I remember after 9/11 how Americans were careful to separate the terrorists from their Muslim faith. How politicians and clergy spoke of treating Muslims with compassion, to recognize that their faith does not condone such senseless violence, to understand that Muslims worldwide condemned the attacks and sympathized with our loss. I remember how the terrorists were our enemies, not Muslims.
Today, barely a decade removed from the atrocities committed by a fringe radical group more similar to the Oklahoma City bombers than to the average Muslim in the Middle East, the idea of a mosque in the same area as the Twin Towers is grist for conservative politicians and talk show hosts to whip up their base into a frenzy. These same radicals turn "Muslim" into a pejorative slander against our President, who makes the electoral calculation that it is better to declare his Christian bona fides than to defend the millions of Muslims whose faith follows a path of peace.
I remember when we sought those responsible for the 9/11 attacks and were viewed as the good guys, the righteous people seeking justice, not vengeance. I remember the broad coalition of our allies, and the support of those countries and peoples who prior to the attacks might have shared the terrorists' view of America as an arrogant, hedonistic behemoth who imposed her will on the world.
America's thirst for justice was subverted and perverted. We used the 9/11 attacks to justify a war against Iraq, a country with no connection to the attacks and posing no threat to American security. We began to torture enemies and suspected enemies, using euphemisms like "extraordinary rendition" and "enhanced interrogation techniques". We opened and continue to operate a concentration camp at Guantanamo Bay, enabling us to hold prisoners—even American citizens—idefinitely and beyond any judicial authority. We have Presidents of both parties asserting the authority to order the summary executions of not just foreign terrorists, but also American citizens thought to be terrorists. Those same Presidents who decry the loss of innocent Americans in the 9/11 attacks order drone strikes on terrorist suspects without regard for the collateral damage to innocent foreign civilians.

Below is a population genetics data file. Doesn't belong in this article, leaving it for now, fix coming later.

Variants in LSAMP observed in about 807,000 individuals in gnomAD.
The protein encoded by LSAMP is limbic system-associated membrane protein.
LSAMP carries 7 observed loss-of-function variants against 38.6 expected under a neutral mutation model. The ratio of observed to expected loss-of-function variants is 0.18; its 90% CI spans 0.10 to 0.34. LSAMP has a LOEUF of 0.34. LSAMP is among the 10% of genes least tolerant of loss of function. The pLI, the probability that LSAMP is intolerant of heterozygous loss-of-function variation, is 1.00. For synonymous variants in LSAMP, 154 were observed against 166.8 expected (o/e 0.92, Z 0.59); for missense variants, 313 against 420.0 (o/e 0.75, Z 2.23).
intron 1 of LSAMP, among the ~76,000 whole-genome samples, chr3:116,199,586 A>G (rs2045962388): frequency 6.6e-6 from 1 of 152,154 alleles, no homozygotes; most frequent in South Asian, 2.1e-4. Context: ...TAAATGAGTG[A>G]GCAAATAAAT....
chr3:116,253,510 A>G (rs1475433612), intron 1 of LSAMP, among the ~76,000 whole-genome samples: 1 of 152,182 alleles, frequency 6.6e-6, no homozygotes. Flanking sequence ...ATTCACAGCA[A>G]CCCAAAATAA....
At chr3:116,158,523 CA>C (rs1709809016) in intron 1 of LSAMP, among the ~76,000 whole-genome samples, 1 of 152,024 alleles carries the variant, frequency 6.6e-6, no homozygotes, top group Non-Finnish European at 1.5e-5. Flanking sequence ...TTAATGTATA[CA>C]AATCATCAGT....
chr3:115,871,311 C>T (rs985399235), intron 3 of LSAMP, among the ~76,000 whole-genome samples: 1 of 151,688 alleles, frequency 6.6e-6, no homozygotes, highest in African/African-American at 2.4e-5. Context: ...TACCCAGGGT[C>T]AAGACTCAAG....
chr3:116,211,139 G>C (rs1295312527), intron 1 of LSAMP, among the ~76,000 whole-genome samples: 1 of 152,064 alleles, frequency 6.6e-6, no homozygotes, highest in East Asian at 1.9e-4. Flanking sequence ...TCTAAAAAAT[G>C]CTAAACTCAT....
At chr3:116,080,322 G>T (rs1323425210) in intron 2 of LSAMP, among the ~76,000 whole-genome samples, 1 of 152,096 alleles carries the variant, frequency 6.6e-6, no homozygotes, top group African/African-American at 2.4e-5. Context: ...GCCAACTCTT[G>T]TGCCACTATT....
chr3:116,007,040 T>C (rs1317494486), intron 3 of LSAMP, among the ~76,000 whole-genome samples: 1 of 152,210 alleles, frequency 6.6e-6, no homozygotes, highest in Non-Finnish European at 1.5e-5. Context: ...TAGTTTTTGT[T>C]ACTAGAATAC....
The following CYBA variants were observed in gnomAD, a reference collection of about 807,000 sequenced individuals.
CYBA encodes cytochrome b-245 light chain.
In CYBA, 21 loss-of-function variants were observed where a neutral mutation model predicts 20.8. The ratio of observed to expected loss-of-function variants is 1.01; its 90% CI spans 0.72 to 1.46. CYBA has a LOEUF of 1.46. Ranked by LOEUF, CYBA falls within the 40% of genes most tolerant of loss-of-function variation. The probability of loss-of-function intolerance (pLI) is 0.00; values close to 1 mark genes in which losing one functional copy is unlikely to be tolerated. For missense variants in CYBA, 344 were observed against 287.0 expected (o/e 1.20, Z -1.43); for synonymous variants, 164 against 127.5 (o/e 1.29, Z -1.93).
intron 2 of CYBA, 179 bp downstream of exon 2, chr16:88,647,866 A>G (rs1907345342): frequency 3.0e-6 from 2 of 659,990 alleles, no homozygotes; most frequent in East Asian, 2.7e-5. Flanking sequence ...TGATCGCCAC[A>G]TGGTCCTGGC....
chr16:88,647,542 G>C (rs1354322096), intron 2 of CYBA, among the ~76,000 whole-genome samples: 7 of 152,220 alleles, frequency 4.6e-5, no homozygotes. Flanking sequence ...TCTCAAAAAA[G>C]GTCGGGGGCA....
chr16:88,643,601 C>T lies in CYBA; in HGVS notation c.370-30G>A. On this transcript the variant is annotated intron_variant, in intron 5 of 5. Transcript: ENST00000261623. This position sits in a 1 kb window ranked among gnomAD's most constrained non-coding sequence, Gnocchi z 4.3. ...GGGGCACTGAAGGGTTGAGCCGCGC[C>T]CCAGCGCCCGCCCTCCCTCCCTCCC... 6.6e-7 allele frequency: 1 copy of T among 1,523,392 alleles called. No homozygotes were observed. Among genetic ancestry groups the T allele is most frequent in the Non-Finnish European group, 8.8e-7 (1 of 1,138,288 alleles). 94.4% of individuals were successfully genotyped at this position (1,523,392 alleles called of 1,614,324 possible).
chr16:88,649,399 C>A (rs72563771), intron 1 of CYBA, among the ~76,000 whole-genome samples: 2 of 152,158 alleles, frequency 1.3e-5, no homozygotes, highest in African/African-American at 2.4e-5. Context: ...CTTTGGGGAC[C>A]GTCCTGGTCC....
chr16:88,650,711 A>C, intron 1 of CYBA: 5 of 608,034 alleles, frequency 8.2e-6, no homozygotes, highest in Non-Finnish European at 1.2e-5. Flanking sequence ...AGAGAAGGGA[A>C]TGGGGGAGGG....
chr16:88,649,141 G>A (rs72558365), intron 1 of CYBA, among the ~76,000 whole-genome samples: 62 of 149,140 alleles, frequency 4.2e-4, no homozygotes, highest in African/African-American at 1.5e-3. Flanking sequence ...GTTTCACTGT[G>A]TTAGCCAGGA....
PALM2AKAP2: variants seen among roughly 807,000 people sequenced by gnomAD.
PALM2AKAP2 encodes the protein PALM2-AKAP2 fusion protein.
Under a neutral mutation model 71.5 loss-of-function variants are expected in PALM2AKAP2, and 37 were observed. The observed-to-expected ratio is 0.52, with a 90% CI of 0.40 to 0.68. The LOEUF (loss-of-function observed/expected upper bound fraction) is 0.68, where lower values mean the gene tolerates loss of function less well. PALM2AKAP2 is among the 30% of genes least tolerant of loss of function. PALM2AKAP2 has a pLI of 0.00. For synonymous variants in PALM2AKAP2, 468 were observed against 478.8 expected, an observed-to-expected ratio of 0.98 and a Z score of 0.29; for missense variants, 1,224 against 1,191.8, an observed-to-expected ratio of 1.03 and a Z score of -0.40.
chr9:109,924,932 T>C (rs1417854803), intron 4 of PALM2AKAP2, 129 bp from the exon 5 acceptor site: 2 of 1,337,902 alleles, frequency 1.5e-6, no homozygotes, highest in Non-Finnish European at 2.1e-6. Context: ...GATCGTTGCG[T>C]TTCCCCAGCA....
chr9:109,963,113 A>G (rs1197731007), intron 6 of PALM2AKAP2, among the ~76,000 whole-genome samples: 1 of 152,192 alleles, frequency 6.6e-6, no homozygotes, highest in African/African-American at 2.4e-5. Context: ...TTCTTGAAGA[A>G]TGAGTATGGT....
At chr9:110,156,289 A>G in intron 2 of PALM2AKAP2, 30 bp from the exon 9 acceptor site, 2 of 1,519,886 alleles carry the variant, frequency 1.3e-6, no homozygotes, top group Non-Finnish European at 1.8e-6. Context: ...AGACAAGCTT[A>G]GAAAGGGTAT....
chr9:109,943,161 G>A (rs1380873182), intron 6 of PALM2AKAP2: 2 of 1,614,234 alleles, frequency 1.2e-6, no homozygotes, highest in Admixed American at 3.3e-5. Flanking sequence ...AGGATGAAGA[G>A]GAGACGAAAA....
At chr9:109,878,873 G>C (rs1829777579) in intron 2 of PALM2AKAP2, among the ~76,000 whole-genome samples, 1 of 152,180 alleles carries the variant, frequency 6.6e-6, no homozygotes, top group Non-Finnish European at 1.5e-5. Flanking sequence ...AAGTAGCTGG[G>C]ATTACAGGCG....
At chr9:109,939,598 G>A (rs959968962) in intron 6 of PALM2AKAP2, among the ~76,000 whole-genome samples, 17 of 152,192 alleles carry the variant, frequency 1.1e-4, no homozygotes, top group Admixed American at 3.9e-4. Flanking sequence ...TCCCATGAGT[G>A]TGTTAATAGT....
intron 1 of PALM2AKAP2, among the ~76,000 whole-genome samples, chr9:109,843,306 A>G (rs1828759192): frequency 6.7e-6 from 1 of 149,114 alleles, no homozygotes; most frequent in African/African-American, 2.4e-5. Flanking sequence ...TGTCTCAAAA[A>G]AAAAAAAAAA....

I remember when we viewed the 9/11 attacks as a fundamental attack on our American way of life. I remember how we swore we couldn't "let the terrorists win" by changing our core principles, by sacrificing our freedoms to assuage our fears.
Americans sold out their liberty for the illusion of security. Sensible security upgrades gave way to a nationalized system of security theater. Airports are filled with TSA agents irradiating and patting down millions of American citizens who pose no threat greater than transmitting the common cold with an unprotected sneeze. Now TSA agents are inspecting our beverages; it's only a matter of time before we all fondly remember the days when we did not have to strip naked before boarding a plane.
Even worse than the indignities of airport security are the more fundamental erosions of our rights. Today, the Homeland Security conglomerate mines the detritus of our daily lives, looking for suspicious patterns of behavior in the goods we buy, the books we read, the web searches we conduct, the people we meet. If we trip the wrong alarm, or piss off the wrong government official, we may find the full force of the government digging into our lives via secretive "national security letters" that circumvent our Constitutional due process rights. But it's all OK because the Government is simply trying to "prevent the next 9/11".
The 9/11 attacks unquestionably struck a major blow to the American way of life. But we do a disservice to those who died in the 9/11 attacks if we superficially remember their sacrifice while fundamentally altering our time-honored American values. Saying "we will never forget" is not about a monument or a memorial service. The best way to honor those who fell on 9/11 is to remember and celebrate the fundamental values of America—liberty, equality, and tolerance.
Never forget the essence of America.